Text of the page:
Regis Prograis Accuses Devin Haney of Scrubbing Loss From His Record

Devin Haney may be the undisputed lightweight champion, but he is not exactly undefeated, alleges upcoming adversary Regis Prograis.

Ahead of a press conference to announce their Dec. 2 junior welterweight title bout at Chase Center in San Francisco, Prograis put forward the notion that Haney had paid someone off to remove a loss from his record early on in his career, when Haney was gaining experience by fighting almost exclusively in Mexico for the first two years of his career. Haney, 24, turned professional in December of 2015, at age 17.

“So I’m hearing Devin lost a fight in Mexico earlier in his career but he paid to take it off his record,” Prograis wrote on X (formerly Twitter). “IF that’s true that’s the weakest sh!t I ever heard so far in boxing. Press conference is Tuesday and y’all reporters better not let this sh!t slide.”

Prograis followed up with another post, doubling down on his initial claim.

“Just got confirmation that it’s true,” Prograis wrote. “Y’all reporters better do y’all research.”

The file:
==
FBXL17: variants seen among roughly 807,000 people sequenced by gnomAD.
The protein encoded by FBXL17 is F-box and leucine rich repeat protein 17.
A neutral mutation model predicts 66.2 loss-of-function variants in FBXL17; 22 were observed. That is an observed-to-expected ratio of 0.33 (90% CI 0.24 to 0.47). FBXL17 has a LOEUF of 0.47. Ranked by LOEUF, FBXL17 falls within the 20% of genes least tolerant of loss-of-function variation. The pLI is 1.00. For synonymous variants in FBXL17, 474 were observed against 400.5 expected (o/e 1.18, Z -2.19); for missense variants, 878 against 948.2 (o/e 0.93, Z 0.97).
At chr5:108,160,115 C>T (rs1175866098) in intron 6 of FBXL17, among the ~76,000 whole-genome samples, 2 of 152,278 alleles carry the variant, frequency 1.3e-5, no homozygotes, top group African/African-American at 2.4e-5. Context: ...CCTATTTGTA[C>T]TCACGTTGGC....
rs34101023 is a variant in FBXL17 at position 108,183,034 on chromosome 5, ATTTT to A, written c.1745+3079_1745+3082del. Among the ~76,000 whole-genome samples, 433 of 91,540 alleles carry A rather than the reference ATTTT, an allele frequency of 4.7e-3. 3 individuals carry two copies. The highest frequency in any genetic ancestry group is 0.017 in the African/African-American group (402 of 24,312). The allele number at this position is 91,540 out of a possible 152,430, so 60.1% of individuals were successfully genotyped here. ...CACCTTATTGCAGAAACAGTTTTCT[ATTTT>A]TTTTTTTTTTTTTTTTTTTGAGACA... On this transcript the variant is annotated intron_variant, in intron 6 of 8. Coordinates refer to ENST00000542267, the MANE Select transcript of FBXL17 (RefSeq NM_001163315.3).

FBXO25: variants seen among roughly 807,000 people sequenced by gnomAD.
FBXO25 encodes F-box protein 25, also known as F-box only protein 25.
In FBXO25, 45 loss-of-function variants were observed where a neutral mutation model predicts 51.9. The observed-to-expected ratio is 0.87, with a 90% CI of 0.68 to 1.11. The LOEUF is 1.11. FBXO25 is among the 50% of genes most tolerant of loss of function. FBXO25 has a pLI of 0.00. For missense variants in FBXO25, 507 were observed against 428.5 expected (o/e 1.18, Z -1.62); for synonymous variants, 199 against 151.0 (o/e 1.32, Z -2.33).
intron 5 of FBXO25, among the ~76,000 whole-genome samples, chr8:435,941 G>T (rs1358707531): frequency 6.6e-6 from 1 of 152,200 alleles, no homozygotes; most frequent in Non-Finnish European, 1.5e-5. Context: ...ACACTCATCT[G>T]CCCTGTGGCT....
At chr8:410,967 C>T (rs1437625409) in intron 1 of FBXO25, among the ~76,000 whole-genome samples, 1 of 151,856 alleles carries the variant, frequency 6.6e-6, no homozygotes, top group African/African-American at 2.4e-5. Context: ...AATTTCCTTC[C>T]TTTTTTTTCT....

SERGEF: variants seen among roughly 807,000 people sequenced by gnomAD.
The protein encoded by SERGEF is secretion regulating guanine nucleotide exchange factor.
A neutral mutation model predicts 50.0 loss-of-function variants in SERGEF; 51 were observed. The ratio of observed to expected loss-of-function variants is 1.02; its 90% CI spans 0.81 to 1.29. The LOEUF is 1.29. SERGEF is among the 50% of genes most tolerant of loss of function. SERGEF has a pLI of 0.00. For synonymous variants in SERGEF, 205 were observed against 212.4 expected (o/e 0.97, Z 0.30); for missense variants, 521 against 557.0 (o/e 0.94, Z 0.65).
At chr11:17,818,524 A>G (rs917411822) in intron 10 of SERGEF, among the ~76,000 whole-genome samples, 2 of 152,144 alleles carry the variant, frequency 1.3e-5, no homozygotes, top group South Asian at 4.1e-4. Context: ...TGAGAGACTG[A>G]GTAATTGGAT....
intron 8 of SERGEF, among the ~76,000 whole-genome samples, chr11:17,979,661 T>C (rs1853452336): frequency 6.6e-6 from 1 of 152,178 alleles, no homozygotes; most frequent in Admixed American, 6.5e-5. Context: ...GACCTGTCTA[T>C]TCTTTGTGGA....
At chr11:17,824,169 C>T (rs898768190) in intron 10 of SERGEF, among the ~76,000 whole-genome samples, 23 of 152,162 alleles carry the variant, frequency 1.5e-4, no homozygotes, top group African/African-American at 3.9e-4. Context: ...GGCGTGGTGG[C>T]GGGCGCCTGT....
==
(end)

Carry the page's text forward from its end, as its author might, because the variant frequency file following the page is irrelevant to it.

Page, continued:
It did not take long for Haney to fire back at Prograis, saying the unverified rumor was concocted by WBA 140-pound titlist Rolando “Rolly” Romero.

“Only a dumbass would believe some sh!t like that..” Haney posted on X. “This info is coming from Rolly that should tell u enough.”

Haney, the former undisputed lightweight champion, is moving up to the 140-pound division for the first time in his career to face Prograis. The fight will double as a homecoming for Haney, who although a longtime and current resident of Las Vegas, was born in San Francisco.

Haney (30-0, 15 KOs) is coming off two successful defenses of his four lightweight belts, with wins over George Kambosos Jr. and Vasiliy Lomachenko.

The 34-year-old Prograis (29-1, 24 KOs), who won his WBC title with a stoppage win over Jose Zepeda last year, is coming off a relatively disappointing points win over Danielito Zorrilla in June.

Sean Nam is the author of Murder on Federal Street: Tyrone Everett, the Black Mafia, and the Last Golden Age of Philadelphia Boxing


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